“Ever since my earliest youth, I have been fascinated by the Bible. I have always believed…that it is the greatest source of poetry of all time…I have sought its reflection in life and art. The Bible is like an echo of nature, and this is the secret I have endeavoured to transmit.” Marc Chagall.
Marc Chagall, the eldest of nine children was born in the Russian city of Vitebsk. He was trained in St. Petersburg from 1906 to 1909, where he also worked as a sign-writer, then in 1910 he moved to Paris. It was there that he met such members of the avant-garde as Apollinaire, Delaunay, Léger, Modigliani and Soutine, and his work began to show Cubist influences. Chagall had his first one-man show in Berlin in 1914 but upon visiting Russia was forced to stay due to the outbreak of war. His marriage resulted in a series of exuberant paintings of lovers, such as ‘Birthday’ (1915-23).
Following the Russian Revolution Chagall was appointed Fine Arts Commissar for Vitebsk and founded an art academy. After suffering difficulties with two of his fellow teachers, Lissitsky and Malevich, he resigned, moved to Moscow in 1920 and designed for the newly founded Jewish Chamber Theatre. In 1923 he returned to Paris on the invitation of Ambroise Vollard who commissioned Chagall to produce the illustrations ‘Dead Souls’. Over the next few years Vollard was to remain Chagall’s main benefactor.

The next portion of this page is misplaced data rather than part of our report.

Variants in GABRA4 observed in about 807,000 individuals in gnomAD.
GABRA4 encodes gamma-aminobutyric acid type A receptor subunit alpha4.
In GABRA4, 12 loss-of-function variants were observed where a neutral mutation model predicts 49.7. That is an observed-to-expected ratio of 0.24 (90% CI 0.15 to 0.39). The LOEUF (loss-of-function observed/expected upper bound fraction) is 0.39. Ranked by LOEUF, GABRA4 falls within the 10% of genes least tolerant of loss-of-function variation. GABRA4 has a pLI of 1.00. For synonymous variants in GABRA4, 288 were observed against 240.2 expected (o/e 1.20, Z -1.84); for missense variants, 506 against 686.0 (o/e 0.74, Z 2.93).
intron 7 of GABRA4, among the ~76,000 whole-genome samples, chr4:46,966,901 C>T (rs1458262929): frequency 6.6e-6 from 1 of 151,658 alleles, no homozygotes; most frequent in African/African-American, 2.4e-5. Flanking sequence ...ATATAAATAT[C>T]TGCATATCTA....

Based in France, though travelling widely, Chagall was granted French citizenship in 1937. Four years later due to the occupation, Chagall was forced to leave his adopted homeland and headed for the USA. After major retrospectives there he finally returned to France in 1948 and settled in a house near Nice.
Chagall’s work was wide and varied, ranging from set and costume designs to very strong distinctive paintings and stained glass windows. He was inspired by the Hasidic tradition and the Bible and developed his style from elements of Cubism and Orphism. His pictures convey a dreamlike quality, and he is often cited as one of the precursors to the Surrealist movement. All his pictures display a striking use of colour and feature very strong imagery, for example ‘The Dream’ (1927). At times his pieces tended towards the sentimental, yet the vitality and originality in his work has ensured his position as one of the most admired artists of the 20th century.